The problem with conspiracy theories

For an elite — be it a monarchy, an aristocracy, a military regime, or a government — to exercise and sustain its power, its power needs to operate largely unquestioned. A population will acquiesce to the dictates of a ruling power for only so long as most people believe they possess less power than their rulers. Otherwise, why would the many consent to being controlled by the few?

For this reason, the propagators of conspiracy theories, while presenting themselves as political rebels who by “exposing the truth” challenge the power of the state, actually have the opposite effect. They breed political apathy, presenting state power as so pervasive and so absolute in its control over the affairs of the world, that protest can never actually rise above symbolic acts of defiance. Alex Jones can engage in the political theater of alerting the world to the supposedly nefarious deliberations of the Bilderberg meetings, but the global elite continues refining and implementing its diabolical plans — because that’s what global elites do.

I grew up in a country that used to be occupied by an imperial power, that country being Britain and the power being the Roman Empire. Close to what later became the border between England and Scotland, the Roman Emperor Hadrian built a wall to “separate the Romans from the barbarians.” It’s not the most imposing of walls — nothing in comparison to the Great Wall of China — and since the Romans had succeeded in taking control of large swaths of Europe, one wonders, what kind of threat could the Picts, the “barbarian” tribesmen north of the wall, possibly pose to Rome’s military might?

Recent excavations on both sides of the wall have revealed the existence of stable native settlements suggesting that day-to-day life was relatively peaceful both to the south and north. The wall’s purpose may have been much more symbolic than defensive. Having occupied an island, the Romans may have built the wall, purely for the sake of creating a border.

Then as now, borders act as constant reminders that our freedoms are circumscribed by governments. Hadrian’s Wall may have served no other purpose than showing the natives who was in charge by controlling when gates would be opened or closed and carefully monitoring who passed through them.

States still cling just as strongly to the symbols of power — symbols that communicate: we’re in charge.

This is why terrorism poses a threat. Terrorists have negligible military strength — the power they wield is by casting doubt on power and making governments appear ineffectual. Counter-terrorism thus mirrors terrorism itself in as much as it attempts to reinvigorate the symbols of power and make losses of control appear momentary.

The underlying reality upon which neither terrorists nor governments nor conspiracy theorists want to cast light is the degree to which no one is control.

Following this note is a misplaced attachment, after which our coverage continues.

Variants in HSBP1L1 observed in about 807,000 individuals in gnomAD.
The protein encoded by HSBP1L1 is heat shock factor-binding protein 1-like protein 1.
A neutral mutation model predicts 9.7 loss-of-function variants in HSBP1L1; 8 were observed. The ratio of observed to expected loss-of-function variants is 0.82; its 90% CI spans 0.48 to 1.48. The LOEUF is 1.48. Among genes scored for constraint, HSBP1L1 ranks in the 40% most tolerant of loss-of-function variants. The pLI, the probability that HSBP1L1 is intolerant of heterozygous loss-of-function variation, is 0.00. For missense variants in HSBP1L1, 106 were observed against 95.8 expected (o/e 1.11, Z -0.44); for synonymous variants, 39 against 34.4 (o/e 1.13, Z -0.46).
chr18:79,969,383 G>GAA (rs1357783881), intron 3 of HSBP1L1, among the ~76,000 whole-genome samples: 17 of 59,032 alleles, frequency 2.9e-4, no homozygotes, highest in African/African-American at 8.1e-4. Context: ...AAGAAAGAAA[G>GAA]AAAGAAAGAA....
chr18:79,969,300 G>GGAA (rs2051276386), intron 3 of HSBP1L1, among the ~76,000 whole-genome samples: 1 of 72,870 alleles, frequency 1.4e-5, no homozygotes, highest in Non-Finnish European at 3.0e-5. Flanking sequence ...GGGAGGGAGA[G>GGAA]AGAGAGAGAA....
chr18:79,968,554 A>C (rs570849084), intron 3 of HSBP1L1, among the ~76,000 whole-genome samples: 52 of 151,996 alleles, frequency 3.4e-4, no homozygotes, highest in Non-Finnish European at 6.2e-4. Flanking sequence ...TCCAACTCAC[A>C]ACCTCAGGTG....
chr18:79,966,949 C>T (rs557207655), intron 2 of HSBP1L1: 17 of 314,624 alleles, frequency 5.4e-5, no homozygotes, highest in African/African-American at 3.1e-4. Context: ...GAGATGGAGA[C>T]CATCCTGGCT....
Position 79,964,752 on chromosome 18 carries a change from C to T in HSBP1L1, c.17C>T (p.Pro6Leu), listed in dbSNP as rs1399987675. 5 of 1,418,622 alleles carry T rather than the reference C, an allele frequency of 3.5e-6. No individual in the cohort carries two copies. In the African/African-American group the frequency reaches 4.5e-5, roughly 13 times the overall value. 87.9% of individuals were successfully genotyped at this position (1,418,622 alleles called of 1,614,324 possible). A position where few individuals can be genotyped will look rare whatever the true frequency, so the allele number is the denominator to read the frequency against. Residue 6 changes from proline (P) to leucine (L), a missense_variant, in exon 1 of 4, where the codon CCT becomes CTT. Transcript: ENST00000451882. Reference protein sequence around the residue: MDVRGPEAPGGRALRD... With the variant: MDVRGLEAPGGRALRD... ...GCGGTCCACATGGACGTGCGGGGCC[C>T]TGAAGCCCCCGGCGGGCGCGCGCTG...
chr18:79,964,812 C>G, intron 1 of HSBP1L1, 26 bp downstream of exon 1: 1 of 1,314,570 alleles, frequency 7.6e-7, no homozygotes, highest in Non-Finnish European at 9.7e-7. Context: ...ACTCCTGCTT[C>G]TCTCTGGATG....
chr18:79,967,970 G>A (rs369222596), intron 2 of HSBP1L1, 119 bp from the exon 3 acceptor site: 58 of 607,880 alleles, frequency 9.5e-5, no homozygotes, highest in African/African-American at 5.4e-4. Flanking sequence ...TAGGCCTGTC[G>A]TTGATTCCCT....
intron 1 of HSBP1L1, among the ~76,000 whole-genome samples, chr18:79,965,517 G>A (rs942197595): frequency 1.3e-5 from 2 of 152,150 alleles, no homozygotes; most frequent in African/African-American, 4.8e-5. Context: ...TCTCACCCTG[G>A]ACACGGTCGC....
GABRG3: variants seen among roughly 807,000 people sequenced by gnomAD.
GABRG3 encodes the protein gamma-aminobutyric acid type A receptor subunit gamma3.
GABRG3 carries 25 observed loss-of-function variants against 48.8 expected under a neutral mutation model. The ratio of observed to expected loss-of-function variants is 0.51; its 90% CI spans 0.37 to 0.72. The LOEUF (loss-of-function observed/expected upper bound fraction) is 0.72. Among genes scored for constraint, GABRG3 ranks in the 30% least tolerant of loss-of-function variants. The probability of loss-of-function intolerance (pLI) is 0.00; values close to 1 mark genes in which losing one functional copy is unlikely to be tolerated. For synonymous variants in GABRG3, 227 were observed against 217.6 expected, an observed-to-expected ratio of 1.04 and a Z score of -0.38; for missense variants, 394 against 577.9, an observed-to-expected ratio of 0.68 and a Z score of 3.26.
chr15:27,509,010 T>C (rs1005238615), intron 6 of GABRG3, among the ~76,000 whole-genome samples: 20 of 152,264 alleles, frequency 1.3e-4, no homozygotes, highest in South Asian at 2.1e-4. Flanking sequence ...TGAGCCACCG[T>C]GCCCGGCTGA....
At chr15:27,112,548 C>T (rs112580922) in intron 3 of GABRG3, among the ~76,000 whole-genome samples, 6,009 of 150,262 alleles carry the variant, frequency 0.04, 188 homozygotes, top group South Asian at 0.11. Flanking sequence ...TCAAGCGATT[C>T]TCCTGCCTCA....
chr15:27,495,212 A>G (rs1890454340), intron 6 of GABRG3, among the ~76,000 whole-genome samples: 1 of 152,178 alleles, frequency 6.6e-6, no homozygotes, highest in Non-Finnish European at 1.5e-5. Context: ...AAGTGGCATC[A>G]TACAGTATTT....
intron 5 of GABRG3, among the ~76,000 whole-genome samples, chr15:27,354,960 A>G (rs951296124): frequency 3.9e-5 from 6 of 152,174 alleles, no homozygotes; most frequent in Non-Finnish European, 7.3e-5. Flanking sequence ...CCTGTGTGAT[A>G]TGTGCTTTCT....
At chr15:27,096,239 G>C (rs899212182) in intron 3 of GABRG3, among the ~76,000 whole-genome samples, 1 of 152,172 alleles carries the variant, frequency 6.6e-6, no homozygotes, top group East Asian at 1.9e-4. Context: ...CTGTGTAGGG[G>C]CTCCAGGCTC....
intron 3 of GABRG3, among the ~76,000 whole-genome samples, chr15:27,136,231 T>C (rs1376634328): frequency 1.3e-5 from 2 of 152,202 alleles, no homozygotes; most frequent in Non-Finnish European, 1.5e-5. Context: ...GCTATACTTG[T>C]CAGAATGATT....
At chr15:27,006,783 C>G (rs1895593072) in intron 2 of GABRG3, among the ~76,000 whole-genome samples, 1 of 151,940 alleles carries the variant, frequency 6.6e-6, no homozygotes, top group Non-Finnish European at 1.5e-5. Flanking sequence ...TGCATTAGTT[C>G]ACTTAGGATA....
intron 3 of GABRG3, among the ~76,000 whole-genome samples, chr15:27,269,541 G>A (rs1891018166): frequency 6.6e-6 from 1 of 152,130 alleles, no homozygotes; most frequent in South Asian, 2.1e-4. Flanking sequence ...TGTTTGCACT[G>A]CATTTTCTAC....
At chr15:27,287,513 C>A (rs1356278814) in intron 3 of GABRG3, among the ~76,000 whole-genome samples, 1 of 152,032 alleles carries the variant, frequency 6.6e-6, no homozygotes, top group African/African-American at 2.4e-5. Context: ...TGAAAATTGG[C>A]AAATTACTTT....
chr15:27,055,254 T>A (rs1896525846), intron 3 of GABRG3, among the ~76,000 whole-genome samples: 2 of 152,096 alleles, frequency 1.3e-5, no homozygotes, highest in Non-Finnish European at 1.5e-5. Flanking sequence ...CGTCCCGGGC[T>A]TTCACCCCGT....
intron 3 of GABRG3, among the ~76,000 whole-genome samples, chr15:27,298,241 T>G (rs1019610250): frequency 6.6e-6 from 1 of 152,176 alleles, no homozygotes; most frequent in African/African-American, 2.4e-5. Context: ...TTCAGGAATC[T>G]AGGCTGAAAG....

This week we witnessed one of those rare occasions when the veil suddenly falls away and politics as a sometimes farcical exercise in make-believe, suddenly becomes transparent.

On Monday, CBS News correspondent Margaret Brennan, asked Secretary of State John Kerry: “Is there anything at this point that his [Assad’s] government could do or offer that would stop an attack?”

We all now know how Kerry responded and the unintended sequence of events that followed.

Somewhere, there may be a few conspiracy theorists who even at this moment still cling to some notion that a master plan is being enacted — that Brennan’s question was planted; that we are witnessing another ruse. But she isn’t a dumb reporter. She has degrees in foreign affairs and Middle East studies, has studied Arabic and reported from across the region. The question she posed needed asking and no doubt it could have been posed by others, yet Kerry’s offhand response made it clear that this was not a question for which he had a prepared answer. Nor did he have any sense about where his answer might rapidly lead.

The fact that Kerry’s faux proposal, after having been dismissed by the State Department, would then be seized on first by the Russians, then the Syrians, and then the White House, revealed the completely opportunistic way in which each player was operating.

If Brennan’s question had really been planted, it must have been planted by a secret Russian-Syrian-American cabal — and that being the mother of all conspiracies, I guess we’d better include the Israelis.

In reality, no one could have predicted that Kerry would have taken Brennan’s question. He could have turned to someone else and now instead of debating the likelihood that a plan to decommission Syria’s chemical weapons can be agreed upon and carried out, we might instead be considering the political consequences of Obama soon facing a defeat in Congress.

Such is life, stitched together by adventitious events which form the twists and turns of the unexpected. Things happen and we call them opportunities, frustrations, and disappointments. We plot a course, stay on course, veer off course; purpose sometimes seeming crystal clear while at others shimmering like a mirage. All the while we hope that in the grander scheme of things there must be some design and yet periodically we get stabbed by a sense there might be none.

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